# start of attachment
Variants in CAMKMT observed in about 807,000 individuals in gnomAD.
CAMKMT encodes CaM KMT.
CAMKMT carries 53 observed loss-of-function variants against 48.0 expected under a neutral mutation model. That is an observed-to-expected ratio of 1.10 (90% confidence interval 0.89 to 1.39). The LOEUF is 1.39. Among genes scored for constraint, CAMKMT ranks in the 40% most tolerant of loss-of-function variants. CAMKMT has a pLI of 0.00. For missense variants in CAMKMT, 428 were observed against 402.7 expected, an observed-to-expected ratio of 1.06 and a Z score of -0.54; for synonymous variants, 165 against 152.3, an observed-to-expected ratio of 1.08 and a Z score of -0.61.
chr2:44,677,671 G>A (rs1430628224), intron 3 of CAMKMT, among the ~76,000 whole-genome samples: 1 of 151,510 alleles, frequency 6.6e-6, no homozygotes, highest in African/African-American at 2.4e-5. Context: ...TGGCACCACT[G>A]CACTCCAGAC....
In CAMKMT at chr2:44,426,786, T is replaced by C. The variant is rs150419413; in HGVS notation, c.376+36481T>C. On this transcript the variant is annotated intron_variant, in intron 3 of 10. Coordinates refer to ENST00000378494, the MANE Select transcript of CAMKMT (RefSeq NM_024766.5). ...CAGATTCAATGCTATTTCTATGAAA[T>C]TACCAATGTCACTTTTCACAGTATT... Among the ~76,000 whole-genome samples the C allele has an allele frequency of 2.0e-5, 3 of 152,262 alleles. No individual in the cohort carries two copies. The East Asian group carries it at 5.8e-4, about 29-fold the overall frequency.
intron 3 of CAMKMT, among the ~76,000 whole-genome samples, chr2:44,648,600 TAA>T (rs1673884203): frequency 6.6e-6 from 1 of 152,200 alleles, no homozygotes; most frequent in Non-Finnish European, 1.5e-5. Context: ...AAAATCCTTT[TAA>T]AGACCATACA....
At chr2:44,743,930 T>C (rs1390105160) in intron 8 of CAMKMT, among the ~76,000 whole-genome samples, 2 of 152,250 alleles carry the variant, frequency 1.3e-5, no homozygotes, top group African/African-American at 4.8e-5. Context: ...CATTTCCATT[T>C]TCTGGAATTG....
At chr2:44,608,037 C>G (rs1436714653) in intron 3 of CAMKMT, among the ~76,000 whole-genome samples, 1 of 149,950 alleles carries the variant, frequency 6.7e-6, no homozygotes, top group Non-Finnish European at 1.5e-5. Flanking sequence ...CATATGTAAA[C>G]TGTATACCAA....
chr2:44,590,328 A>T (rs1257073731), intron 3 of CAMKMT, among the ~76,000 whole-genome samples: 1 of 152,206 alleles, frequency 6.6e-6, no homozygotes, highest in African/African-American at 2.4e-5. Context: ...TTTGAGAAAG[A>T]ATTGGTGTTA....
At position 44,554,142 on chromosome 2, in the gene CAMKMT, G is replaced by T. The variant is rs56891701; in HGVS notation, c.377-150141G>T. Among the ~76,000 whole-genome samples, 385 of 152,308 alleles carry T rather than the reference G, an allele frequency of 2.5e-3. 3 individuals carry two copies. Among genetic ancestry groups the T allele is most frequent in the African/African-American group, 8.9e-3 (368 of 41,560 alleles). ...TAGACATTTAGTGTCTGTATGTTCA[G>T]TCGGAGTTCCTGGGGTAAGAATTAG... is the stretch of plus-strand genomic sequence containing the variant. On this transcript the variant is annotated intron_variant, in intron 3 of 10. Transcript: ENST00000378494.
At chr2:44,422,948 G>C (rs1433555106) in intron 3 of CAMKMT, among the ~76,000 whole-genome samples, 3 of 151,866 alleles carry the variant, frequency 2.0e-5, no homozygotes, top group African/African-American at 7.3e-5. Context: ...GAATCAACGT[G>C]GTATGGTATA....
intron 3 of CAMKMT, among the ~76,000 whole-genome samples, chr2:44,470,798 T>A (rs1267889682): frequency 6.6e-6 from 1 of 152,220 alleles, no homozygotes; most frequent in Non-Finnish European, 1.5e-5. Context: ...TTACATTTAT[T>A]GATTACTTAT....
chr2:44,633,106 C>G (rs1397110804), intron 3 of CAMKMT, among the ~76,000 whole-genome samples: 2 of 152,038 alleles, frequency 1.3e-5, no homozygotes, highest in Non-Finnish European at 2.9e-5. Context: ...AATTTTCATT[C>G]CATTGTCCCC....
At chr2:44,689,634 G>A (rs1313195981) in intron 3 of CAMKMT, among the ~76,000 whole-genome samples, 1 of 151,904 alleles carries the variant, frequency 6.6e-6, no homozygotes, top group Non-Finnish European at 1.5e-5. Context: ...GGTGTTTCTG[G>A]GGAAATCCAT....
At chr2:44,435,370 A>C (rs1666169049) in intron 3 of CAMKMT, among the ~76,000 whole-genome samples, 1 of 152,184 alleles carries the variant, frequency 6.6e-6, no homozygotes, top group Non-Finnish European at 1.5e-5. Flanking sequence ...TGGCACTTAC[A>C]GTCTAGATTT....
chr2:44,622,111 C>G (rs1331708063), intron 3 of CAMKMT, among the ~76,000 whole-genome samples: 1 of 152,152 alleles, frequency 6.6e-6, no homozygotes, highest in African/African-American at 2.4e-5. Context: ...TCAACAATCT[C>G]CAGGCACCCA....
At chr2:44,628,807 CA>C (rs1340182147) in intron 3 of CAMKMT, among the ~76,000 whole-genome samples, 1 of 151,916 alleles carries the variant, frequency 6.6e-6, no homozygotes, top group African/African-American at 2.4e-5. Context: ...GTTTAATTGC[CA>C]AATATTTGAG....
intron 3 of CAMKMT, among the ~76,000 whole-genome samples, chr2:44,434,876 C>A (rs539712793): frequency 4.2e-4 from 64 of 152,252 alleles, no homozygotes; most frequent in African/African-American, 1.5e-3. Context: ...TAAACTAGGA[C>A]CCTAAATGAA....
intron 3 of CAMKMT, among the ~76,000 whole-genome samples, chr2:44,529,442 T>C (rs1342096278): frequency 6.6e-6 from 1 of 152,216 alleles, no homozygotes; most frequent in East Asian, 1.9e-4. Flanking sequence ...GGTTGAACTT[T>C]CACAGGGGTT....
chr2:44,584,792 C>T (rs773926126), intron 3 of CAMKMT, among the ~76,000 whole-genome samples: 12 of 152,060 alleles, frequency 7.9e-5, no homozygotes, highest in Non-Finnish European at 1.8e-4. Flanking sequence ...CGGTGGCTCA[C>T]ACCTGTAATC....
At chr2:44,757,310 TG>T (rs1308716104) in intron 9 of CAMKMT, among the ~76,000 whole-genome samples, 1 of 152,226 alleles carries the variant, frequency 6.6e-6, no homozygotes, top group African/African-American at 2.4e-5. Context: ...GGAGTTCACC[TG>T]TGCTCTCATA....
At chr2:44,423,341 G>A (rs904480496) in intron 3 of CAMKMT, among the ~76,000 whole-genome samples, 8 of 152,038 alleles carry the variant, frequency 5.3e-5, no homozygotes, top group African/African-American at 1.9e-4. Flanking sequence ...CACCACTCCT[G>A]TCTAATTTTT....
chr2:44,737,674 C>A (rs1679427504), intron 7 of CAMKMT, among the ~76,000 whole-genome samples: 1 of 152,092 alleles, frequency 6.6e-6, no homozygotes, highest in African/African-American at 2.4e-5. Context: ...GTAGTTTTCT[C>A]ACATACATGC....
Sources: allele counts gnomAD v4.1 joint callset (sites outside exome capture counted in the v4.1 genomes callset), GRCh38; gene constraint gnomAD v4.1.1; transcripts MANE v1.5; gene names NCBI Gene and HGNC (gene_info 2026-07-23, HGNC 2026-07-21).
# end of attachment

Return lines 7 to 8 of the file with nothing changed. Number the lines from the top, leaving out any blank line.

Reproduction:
At chr2:44,743,930 T>C (rs1390105160) in intron 8 of CAMKMT, among the ~76,000 whole-genome samples, 2 of 152,250 alleles carry the variant, frequency 1.3e-5, no homozygotes, top group African/African-American at 4.8e-5. Context: ...CATTTCCATT[T>C]TCTGGAATTG....
At chr2:44,608,037 C>G (rs1436714653) in intron 3 of CAMKMT, among the ~76,000 whole-genome samples, 1 of 149,950 alleles carries the variant, frequency 6.7e-6, no homozygotes, top group Non-Finnish European at 1.5e-5. Flanking sequence ...CATATGTAAA[C>G]TGTATACCAA....